Historically, there has been an abundance of secret societies in America. Some of these oath-bound lodges with selective membership were notorious for criminal acts and alcohol abuse. While there were others who strove to help fellow human beings. Group insurance and death benefits offered to members were among their attempts in this regard. Freemasonry influenced a large number of them.
The most powerful American secret society was Freemasonry that had survived short-lived anti-masonic national reactions in the 1820s and 1830s. Freemasonry grew in the following decades, and even during the Civil War, the members supported each other on both sides. Lodges issued “Masonic Certificates” for their members, and if they were captured, they would show the cards to their brother Masons. This way, they would receive care, sympathy, and good fellowship.
Learn more about Masonic revolutions in America and France.
Side Orders of Freemasonry
“Appendant bodies” emerged based on special interests. One of the most famous ones was the Shriners or the Ancient Arabic Order of the Nobles of the Mystic Shrine. It emerged as a response to “Orientalism” that was dominant in late-19th-century Europe and America.
In 1870, a wealthy Freemason from New York named William Florence visited France, where he was invited to an exotic party. Hosted by an Egyptian diplomat, the entertainment turned into initiation into a brotherhood. When he returned to New York, he established Mecca Temple, the first lodge of the Mystic Shrine, and enlisted several well-to-do Masons. The highly selective initiation only included master Masons who had completed the Scottish or York Rite.
Touting “Fun and Fellowship” as their motto, the Shriners founded their first children’s hospital in 1920. But Shriners have many interesting things to consider, like their tongue-in-cheek versions of Islamic rituals. They pray to Allah and take oath on a Koran, which makes them a fake version of Islam.
Another imitating offshoot was formed in 1889 by a group of master Masons in upstate New York. They called it the Mystic Order of Veiled Prophets of the Enchanted Realm, or “The Grotto” for short. Imitating Islam with a twist, They wore a black fez, as opposed to Shriners’ red ones, and had the image of their mascot, Mokanna: the Veiled Prophet. Hashim al-Muqanna was a Persian mystic from 8th century Central Asia. He raged an uprising against Arab domination and Orthodox Islam and created a new version of Islam by mixing Shi’ism, old Persian Zoroastrianism, and Gnostic mysticism.
Al-Muqanna was the patron saint of another American secret society: Veiled Prophet of Khorassan Society of St. Louis. The founder of this society was Charles Slayback, a local merchant and ex-Confederate officer. Reserved for the social elite in Saint Louis, it was an imitation of New Orleans’ Mardi Gras.
This is a transcript from the video series The Real History of Secret Societies. Watch it now, on The Great Courses Plus.
African-American Secret Societies
Another American secret society was the Black Shriners, who surfaced in Chicago in 1893. They were African American versions of the White Shriners, who called themselves Ancient Egyptian Arabic Order of the Nobles of the Mystic Shrine.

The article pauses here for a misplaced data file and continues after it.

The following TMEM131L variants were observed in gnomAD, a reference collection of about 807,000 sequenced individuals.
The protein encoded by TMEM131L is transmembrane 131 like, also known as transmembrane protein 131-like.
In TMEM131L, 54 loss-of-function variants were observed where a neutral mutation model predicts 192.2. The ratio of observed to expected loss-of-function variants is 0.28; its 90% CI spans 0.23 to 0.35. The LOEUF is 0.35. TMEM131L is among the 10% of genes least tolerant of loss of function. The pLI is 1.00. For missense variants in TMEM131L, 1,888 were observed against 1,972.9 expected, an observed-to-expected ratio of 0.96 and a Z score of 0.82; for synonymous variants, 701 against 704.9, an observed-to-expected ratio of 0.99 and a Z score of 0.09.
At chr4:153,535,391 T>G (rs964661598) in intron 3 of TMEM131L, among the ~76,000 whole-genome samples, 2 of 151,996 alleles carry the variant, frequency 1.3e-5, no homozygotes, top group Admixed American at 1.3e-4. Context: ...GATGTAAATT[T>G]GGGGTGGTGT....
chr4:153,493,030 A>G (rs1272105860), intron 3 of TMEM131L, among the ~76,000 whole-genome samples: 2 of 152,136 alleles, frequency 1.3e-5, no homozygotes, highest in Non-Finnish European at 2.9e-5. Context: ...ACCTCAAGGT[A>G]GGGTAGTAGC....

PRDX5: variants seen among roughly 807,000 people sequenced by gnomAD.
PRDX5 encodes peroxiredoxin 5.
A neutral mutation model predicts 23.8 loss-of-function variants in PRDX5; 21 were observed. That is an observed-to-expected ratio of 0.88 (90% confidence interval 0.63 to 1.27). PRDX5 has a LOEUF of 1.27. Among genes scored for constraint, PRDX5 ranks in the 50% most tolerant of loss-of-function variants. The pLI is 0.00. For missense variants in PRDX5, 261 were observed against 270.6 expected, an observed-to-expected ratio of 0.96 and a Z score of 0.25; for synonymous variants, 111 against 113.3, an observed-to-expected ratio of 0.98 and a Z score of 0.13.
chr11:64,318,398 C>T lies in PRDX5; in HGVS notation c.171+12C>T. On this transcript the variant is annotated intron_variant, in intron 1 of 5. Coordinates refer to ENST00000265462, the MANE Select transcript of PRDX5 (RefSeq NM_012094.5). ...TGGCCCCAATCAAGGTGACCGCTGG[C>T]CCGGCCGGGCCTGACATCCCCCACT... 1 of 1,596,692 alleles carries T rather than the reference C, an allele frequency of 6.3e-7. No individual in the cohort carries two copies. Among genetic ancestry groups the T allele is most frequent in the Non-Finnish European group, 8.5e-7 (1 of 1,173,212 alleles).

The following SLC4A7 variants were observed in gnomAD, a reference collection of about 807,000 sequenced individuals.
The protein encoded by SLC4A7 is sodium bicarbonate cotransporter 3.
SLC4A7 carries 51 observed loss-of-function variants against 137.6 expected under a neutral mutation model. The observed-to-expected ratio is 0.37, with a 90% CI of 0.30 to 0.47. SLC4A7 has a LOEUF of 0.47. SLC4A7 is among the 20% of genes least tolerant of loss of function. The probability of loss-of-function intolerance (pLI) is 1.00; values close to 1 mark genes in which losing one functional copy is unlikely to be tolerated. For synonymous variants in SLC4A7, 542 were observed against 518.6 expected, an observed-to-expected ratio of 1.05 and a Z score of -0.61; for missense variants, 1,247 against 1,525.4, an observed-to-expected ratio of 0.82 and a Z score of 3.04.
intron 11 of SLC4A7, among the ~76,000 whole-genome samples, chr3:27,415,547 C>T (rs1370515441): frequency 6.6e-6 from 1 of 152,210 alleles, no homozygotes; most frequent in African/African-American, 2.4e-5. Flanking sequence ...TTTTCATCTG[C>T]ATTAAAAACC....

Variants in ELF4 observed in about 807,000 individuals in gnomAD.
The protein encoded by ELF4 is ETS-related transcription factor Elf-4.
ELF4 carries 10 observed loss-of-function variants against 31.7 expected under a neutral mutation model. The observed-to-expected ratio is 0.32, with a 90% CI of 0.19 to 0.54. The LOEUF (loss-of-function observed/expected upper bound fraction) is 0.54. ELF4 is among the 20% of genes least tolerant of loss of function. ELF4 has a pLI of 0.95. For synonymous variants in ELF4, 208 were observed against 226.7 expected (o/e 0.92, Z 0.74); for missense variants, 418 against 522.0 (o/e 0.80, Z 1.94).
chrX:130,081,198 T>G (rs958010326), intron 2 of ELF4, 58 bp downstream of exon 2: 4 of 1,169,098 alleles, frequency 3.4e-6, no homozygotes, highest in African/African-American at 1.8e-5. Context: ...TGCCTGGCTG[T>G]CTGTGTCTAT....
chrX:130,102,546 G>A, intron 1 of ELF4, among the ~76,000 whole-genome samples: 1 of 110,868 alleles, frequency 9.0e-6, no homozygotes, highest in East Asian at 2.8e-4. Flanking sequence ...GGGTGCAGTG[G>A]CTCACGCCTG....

The black version of Freemasonry also appeared in 1775 in Boston. A free African named Prince Hall and 14 others were initiated into a British military lodge. But later, they created their own lodge, Prince Hall Freemasonry. Although the Grand Lodge of England accepted them, American lodges considered them clandestine. In addition to black men, Prince Hall initiated Irish Catholics and Jews, who were not allowed in most lodges.
There were other lodges that promoted Black Nationalism. One of these oath-bound lodges was the African Blood Brotherhood. Appearing in Harlem in 1919, it was protected by high levels of secrecy against hostile authorities. At first, it supported separatism but then shifted to communism in 1922.
Learn more about Islamic Assassins.
Competitors of American Masonry
American Freemasonry had many rivals. The most direct competitor was the Knights of Columbus. It was, in reality, “Freemasonry for Catholics”, and was popular among Irish and Italian immigrants. Many people were members of various societies at the same time. For example, the Knights of Columbus, the Ancient Order of Hibernians, and the revolutionary Fenians had overlapping membership.
Another quasi-masonic lodge was the Independent Order of Odd Fellows. They followed the Masonic template in which each fellow earned three degrees of Friendship, Love, and Truth. Then, through a higher rite, called Encampment, they would become a patriarch. In 1900, the Odd Fellows had more members than Freemasonry in the US. Unlike Masonic lodges, the members belonged to the working class and were linked to labor unions. They even had female members who were equal to men. Although Odd Fellows and Masons were competitors, they had many shared members like Franklin Roosevelt, Earl Warren, and even Albert Pike.
Common Questions about American Secret Societies
The Ancient Arabic Order of the Nobles of the Mystic Shrine emerged as a response to “Orientalism” that was dominant in the late-19th-century Europe and America. Founded by William Florence, members of the society were called Shriners and its motto was Fun and Friendship.
The Shriners were a fake version of Islam. They offered prayers to Allah and took oaths on a Koran. All tongue-in-cheek, of course. They built the first children’s hospital in 1920.
Prince Hall Masonry is the black version of Freemasonry that appeared in 1775 in Boston. A free African named Prince Hall and 14 others were initiated into a British military lodge. But later, they decided to establish their own lodge.